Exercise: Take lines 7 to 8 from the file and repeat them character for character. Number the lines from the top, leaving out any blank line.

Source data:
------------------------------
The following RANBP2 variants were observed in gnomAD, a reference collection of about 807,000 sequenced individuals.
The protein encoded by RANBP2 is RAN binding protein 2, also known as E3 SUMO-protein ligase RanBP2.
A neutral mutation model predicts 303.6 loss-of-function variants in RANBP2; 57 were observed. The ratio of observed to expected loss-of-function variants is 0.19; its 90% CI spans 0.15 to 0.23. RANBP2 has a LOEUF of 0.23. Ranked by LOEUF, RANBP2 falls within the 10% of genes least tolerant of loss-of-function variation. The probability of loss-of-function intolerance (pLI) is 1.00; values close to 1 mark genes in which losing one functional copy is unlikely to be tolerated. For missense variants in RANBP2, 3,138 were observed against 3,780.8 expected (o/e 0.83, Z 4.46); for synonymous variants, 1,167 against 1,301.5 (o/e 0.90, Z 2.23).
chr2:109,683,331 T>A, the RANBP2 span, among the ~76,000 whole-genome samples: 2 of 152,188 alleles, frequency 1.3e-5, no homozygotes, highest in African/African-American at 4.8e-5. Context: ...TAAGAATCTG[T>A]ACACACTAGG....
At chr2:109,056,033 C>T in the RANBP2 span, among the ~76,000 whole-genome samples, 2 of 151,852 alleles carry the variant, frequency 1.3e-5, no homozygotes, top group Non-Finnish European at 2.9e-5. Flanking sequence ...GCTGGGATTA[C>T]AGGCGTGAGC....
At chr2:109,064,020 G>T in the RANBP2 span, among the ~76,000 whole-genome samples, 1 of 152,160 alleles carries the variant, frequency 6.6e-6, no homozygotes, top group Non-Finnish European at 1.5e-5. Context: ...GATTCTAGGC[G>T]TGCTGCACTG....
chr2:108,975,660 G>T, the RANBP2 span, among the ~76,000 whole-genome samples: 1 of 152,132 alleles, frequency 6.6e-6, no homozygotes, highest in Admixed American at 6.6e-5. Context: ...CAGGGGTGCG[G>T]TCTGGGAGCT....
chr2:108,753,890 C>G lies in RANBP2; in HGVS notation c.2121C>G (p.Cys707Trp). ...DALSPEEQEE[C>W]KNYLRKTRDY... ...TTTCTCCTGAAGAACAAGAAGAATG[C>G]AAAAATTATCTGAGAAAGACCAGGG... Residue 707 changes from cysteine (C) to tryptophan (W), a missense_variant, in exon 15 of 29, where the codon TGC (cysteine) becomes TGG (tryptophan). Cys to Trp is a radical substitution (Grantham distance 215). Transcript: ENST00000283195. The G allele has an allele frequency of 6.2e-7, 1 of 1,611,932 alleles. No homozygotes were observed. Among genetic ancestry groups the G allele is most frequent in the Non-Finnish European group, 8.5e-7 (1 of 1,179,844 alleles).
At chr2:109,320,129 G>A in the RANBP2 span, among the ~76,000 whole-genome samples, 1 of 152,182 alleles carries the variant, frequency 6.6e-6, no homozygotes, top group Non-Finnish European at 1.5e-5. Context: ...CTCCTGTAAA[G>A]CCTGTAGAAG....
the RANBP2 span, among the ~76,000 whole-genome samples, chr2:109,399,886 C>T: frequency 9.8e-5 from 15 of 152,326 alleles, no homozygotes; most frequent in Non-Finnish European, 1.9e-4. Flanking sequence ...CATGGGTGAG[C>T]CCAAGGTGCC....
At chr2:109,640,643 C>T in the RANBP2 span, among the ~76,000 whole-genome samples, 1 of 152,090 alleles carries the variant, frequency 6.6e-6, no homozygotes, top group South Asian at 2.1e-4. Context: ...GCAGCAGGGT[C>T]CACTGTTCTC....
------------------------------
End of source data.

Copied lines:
chr2:108,975,660 G>T, the RANBP2 span, among the ~76,000 whole-genome samples: 1 of 152,132 alleles, frequency 6.6e-6, no homozygotes, highest in Admixed American at 6.6e-5. Context: ...CAGGGGTGCG[G>T]TCTGGGAGCT....
chr2:108,753,890 C>G lies in RANBP2; in HGVS notation c.2121C>G (p.Cys707Trp). ...DALSPEEQEE[C>W]KNYLRKTRDY... ...TTTCTCCTGAAGAACAAGAAGAATG[C>G]AAAAATTATCTGAGAAAGACCAGGG... Residue 707 changes from cysteine (C) to tryptophan (W), a missense_variant, in exon 15 of 29, where the codon TGC (cysteine) becomes TGG (tryptophan). Cys to Trp is a radical substitution (Grantham distance 215). Transcript: ENST00000283195. The G allele has an allele frequency of 6.2e-7, 1 of 1,611,932 alleles. No homozygotes were observed. Among genetic ancestry groups the G allele is most frequent in the Non-Finnish European group, 8.5e-7 (1 of 1,179,844 alleles).